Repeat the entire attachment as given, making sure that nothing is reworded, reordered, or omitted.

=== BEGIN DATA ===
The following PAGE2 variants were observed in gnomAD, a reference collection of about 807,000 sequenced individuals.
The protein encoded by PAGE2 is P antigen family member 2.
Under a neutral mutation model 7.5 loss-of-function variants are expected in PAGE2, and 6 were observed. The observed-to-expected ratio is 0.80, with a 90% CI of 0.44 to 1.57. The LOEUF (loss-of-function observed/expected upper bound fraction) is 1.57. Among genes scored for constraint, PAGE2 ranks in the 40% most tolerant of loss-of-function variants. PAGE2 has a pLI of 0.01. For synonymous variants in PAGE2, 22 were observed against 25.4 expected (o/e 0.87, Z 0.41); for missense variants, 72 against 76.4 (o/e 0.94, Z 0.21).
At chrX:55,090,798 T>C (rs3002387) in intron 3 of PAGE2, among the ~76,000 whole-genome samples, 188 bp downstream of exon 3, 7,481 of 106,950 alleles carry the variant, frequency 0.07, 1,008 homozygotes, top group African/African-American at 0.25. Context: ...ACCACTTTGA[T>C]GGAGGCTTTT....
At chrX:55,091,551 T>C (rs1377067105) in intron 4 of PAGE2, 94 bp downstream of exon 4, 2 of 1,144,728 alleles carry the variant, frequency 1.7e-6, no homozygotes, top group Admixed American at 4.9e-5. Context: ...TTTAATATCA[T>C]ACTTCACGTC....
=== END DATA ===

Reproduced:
The following PAGE2 variants were observed in gnomAD, a reference collection of about 807,000 sequenced individuals.
The protein encoded by PAGE2 is P antigen family member 2.
Under a neutral mutation model 7.5 loss-of-function variants are expected in PAGE2, and 6 were observed. The observed-to-expected ratio is 0.80, with a 90% CI of 0.44 to 1.57. The LOEUF (loss-of-function observed/expected upper bound fraction) is 1.57. Among genes scored for constraint, PAGE2 ranks in the 40% most tolerant of loss-of-function variants. PAGE2 has a pLI of 0.01. For synonymous variants in PAGE2, 22 were observed against 25.4 expected (o/e 0.87, Z 0.41); for missense variants, 72 against 76.4 (o/e 0.94, Z 0.21).
At chrX:55,090,798 T>C (rs3002387) in intron 3 of PAGE2, among the ~76,000 whole-genome samples, 188 bp downstream of exon 3, 7,481 of 106,950 alleles carry the variant, frequency 0.07, 1,008 homozygotes, top group African/African-American at 0.25. Context: ...ACCACTTTGA[T>C]GGAGGCTTTT....
At chrX:55,091,551 T>C (rs1377067105) in intron 4 of PAGE2, 94 bp downstream of exon 4, 2 of 1,144,728 alleles carry the variant, frequency 1.7e-6, no homozygotes, top group Admixed American at 4.9e-5. Context: ...TTTAATATCA[T>C]ACTTCACGTC....